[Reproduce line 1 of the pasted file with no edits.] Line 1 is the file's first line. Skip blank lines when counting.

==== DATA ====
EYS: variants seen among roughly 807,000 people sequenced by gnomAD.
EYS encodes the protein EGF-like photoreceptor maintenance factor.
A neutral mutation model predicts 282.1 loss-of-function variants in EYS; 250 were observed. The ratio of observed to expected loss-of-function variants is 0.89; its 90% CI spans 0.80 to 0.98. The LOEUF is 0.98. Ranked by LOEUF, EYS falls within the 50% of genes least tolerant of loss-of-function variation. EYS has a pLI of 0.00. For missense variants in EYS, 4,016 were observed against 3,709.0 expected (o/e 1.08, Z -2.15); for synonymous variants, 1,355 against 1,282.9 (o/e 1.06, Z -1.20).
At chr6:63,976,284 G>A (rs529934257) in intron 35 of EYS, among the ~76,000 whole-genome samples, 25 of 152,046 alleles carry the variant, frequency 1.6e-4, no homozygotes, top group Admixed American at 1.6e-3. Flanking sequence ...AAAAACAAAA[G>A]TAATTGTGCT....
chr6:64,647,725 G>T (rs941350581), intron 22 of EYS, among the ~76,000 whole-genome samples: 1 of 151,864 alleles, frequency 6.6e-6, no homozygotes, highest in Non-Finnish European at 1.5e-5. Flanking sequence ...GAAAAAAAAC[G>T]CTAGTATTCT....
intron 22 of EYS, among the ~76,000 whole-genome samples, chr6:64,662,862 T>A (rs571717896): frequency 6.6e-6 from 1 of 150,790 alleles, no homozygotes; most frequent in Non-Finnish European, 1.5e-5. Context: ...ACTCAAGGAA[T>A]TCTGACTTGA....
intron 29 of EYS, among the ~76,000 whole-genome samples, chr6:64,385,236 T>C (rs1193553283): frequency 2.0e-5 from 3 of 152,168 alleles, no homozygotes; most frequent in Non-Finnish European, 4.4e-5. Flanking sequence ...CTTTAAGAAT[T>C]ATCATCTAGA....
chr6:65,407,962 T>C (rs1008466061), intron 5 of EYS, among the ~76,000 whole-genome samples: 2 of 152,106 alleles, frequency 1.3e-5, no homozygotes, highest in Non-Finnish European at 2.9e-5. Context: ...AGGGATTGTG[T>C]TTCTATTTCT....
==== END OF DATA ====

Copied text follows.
EYS: variants seen among roughly 807,000 people sequenced by gnomAD.